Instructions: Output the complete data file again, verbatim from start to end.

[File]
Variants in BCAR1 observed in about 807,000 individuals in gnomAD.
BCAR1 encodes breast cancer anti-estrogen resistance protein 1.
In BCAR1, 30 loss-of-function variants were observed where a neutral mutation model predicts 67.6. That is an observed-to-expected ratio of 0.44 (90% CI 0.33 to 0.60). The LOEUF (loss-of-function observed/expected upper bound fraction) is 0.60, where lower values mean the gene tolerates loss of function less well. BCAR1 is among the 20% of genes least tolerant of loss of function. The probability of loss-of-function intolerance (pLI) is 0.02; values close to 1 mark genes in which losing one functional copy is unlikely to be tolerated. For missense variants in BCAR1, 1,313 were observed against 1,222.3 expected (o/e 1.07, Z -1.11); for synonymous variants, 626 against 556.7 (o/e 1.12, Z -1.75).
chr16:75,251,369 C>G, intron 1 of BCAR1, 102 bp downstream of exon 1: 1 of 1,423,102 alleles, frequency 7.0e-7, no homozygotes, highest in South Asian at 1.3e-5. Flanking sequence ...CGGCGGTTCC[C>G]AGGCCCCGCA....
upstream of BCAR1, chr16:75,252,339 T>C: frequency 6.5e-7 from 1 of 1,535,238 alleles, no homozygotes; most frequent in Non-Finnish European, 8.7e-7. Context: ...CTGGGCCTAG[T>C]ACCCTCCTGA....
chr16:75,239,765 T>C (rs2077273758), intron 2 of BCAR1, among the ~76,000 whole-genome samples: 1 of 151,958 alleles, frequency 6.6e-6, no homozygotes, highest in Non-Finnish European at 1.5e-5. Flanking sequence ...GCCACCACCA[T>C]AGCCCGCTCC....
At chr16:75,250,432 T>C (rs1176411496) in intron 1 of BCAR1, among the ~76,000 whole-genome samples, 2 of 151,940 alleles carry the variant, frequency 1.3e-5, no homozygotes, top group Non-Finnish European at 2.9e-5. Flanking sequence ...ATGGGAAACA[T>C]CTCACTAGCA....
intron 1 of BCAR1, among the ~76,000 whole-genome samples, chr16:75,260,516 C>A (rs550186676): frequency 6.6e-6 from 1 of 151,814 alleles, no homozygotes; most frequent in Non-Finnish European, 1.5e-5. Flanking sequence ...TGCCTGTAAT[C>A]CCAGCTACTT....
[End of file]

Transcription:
Variants in BCAR1 observed in about 807,000 individuals in gnomAD.
BCAR1 encodes breast cancer anti-estrogen resistance protein 1.
In BCAR1, 30 loss-of-function variants were observed where a neutral mutation model predicts 67.6. That is an observed-to-expected ratio of 0.44 (90% CI 0.33 to 0.60). The LOEUF (loss-of-function observed/expected upper bound fraction) is 0.60, where lower values mean the gene tolerates loss of function less well. BCAR1 is among the 20% of genes least tolerant of loss of function. The probability of loss-of-function intolerance (pLI) is 0.02; values close to 1 mark genes in which losing one functional copy is unlikely to be tolerated. For missense variants in BCAR1, 1,313 were observed against 1,222.3 expected (o/e 1.07, Z -1.11); for synonymous variants, 626 against 556.7 (o/e 1.12, Z -1.75).
chr16:75,251,369 C>G, intron 1 of BCAR1, 102 bp downstream of exon 1: 1 of 1,423,102 alleles, frequency 7.0e-7, no homozygotes, highest in South Asian at 1.3e-5. Flanking sequence ...CGGCGGTTCC[C>G]AGGCCCCGCA....
upstream of BCAR1, chr16:75,252,339 T>C: frequency 6.5e-7 from 1 of 1,535,238 alleles, no homozygotes; most frequent in Non-Finnish European, 8.7e-7. Context: ...CTGGGCCTAG[T>C]ACCCTCCTGA....
chr16:75,239,765 T>C (rs2077273758), intron 2 of BCAR1, among the ~76,000 whole-genome samples: 1 of 151,958 alleles, frequency 6.6e-6, no homozygotes, highest in Non-Finnish European at 1.5e-5. Flanking sequence ...GCCACCACCA[T>C]AGCCCGCTCC....
At chr16:75,250,432 T>C (rs1176411496) in intron 1 of BCAR1, among the ~76,000 whole-genome samples, 2 of 151,940 alleles carry the variant, frequency 1.3e-5, no homozygotes, top group Non-Finnish European at 2.9e-5. Flanking sequence ...ATGGGAAACA[T>C]CTCACTAGCA....
intron 1 of BCAR1, among the ~76,000 whole-genome samples, chr16:75,260,516 C>A (rs550186676): frequency 6.6e-6 from 1 of 151,814 alleles, no homozygotes; most frequent in Non-Finnish European, 1.5e-5. Flanking sequence ...TGCCTGTAAT[C>A]CCAGCTACTT....